Samsung’s largest leap forward in phone tech delivers an intoxicating movie-watching experience, courtesy of an absolutely massive, overwhelmingly color-rich 7.3-inch screen. It’s the kind of display that absolutely begs to be used for Netflix and Hulu viewing, completely immersive in a way that no phone-video experience out there can match.
And somehow, this just may have you wasting less time on your phone than you ever have.
Yes, this whole idea seems to defy convention, but hey, that’s what the new Samsung Fold is meant to do in the first place. The smartphone industry has fallen into a predictable rhythm these days, with every device delivering a standard big screen and badass camera—but the Fold takes things to new and inventive heights.
It’s the first phone equipped with a foldable (yes, you read that right) display. That means I have access to its rich cinematic viewing experience whenever I want—but I have to actually “open” the phone to access that. It’s a simple enough act, but it’s just enough work that I don’t want to do it all the time. And that’s a good thing.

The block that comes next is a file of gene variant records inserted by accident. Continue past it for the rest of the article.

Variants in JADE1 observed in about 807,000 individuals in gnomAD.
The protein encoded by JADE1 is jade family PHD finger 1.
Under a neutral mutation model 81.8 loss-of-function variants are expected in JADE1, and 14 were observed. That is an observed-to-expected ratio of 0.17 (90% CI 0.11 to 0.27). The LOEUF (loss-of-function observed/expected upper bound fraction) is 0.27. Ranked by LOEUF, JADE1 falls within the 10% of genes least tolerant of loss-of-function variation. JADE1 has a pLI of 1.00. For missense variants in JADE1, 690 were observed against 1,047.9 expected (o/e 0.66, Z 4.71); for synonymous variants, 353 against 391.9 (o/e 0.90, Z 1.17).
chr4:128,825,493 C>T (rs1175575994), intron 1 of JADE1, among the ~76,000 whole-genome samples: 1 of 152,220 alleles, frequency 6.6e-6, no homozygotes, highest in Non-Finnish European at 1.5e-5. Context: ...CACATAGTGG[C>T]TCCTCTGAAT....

Opening Your Fold is Magical, But It’s a Decision
Make no mistake about it, the Fold, despite a few design flaws, is a stunningly built device, well-thought-out, and filled with unique ideas. Chief among them is that screen and it’s 7.3 inches of viewing goodness. This makes for a tablet-like experience anytime I open it, perfect for web browsing or hanging out on Facebook, and, as you’d expect, a dream for watching movies.
It’s satisfying to open up the Fold, too. There’s a soft click, revealing a seamless screen experience. It’s all easy to do, but there’s a sturdiness to it, too; I never once felt like the Fold would break simply because it couldn’t take the pressure.
Yet I don’t need to unfurl the Fold all the time, because I have access to all the basics without ever opening it up. When folded, the phone resembles one of those old, classic candy bar phones, except instead of buttons, it has another smaller 4.6-inch display on its front. And this is where the mental magic happens.
Here’s the thing with that smaller display: It’s just big enough for me to do the basics, not quite big enough to be lust-worthy. The smaller screen is fully functional, letting me access everything from the underrated camera (more on that later) to texts and emails to Instagram. I can even watch videos there.